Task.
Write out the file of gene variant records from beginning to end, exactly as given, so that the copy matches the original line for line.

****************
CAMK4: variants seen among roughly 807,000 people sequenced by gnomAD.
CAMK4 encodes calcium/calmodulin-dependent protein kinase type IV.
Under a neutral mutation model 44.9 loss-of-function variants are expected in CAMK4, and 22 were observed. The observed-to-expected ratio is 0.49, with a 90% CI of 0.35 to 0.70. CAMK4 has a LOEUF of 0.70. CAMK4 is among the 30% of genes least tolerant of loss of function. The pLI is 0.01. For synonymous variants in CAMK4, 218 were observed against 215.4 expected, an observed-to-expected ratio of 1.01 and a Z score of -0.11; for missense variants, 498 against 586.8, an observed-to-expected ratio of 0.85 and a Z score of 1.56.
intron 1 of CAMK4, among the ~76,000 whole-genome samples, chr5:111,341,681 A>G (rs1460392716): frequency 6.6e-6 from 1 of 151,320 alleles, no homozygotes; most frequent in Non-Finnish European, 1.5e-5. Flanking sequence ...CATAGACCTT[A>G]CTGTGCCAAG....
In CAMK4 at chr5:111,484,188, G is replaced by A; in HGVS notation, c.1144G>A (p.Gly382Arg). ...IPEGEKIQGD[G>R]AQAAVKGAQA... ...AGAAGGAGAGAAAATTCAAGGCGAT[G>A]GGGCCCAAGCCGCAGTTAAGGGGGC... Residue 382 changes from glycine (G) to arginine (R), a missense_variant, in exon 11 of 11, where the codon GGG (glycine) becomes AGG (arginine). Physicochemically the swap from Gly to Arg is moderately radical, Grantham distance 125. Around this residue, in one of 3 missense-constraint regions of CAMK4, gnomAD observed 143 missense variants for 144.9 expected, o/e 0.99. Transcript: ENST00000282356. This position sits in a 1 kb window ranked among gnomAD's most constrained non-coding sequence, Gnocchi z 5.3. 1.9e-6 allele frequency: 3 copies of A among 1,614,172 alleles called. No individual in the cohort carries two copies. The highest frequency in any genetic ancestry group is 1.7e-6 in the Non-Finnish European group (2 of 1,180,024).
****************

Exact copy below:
CAMK4: variants seen among roughly 807,000 people sequenced by gnomAD.
CAMK4 encodes calcium/calmodulin-dependent protein kinase type IV.
Under a neutral mutation model 44.9 loss-of-function variants are expected in CAMK4, and 22 were observed. The observed-to-expected ratio is 0.49, with a 90% CI of 0.35 to 0.70. CAMK4 has a LOEUF of 0.70. CAMK4 is among the 30% of genes least tolerant of loss of function. The pLI is 0.01. For synonymous variants in CAMK4, 218 were observed against 215.4 expected, an observed-to-expected ratio of 1.01 and a Z score of -0.11; for missense variants, 498 against 586.8, an observed-to-expected ratio of 0.85 and a Z score of 1.56.
intron 1 of CAMK4, among the ~76,000 whole-genome samples, chr5:111,341,681 A>G (rs1460392716): frequency 6.6e-6 from 1 of 151,320 alleles, no homozygotes; most frequent in Non-Finnish European, 1.5e-5. Flanking sequence ...CATAGACCTT[A>G]CTGTGCCAAG....
In CAMK4 at chr5:111,484,188, G is replaced by A; in HGVS notation, c.1144G>A (p.Gly382Arg). ...IPEGEKIQGD[G>R]AQAAVKGAQA... ...AGAAGGAGAGAAAATTCAAGGCGAT[G>A]GGGCCCAAGCCGCAGTTAAGGGGGC... Residue 382 changes from glycine (G) to arginine (R), a missense_variant, in exon 11 of 11, where the codon GGG (glycine) becomes AGG (arginine). Physicochemically the swap from Gly to Arg is moderately radical, Grantham distance 125. Around this residue, in one of 3 missense-constraint regions of CAMK4, gnomAD observed 143 missense variants for 144.9 expected, o/e 0.99. Transcript: ENST00000282356. This position sits in a 1 kb window ranked among gnomAD's most constrained non-coding sequence, Gnocchi z 5.3. 1.9e-6 allele frequency: 3 copies of A among 1,614,172 alleles called. No individual in the cohort carries two copies. The highest frequency in any genetic ancestry group is 1.7e-6 in the Non-Finnish European group (2 of 1,180,024).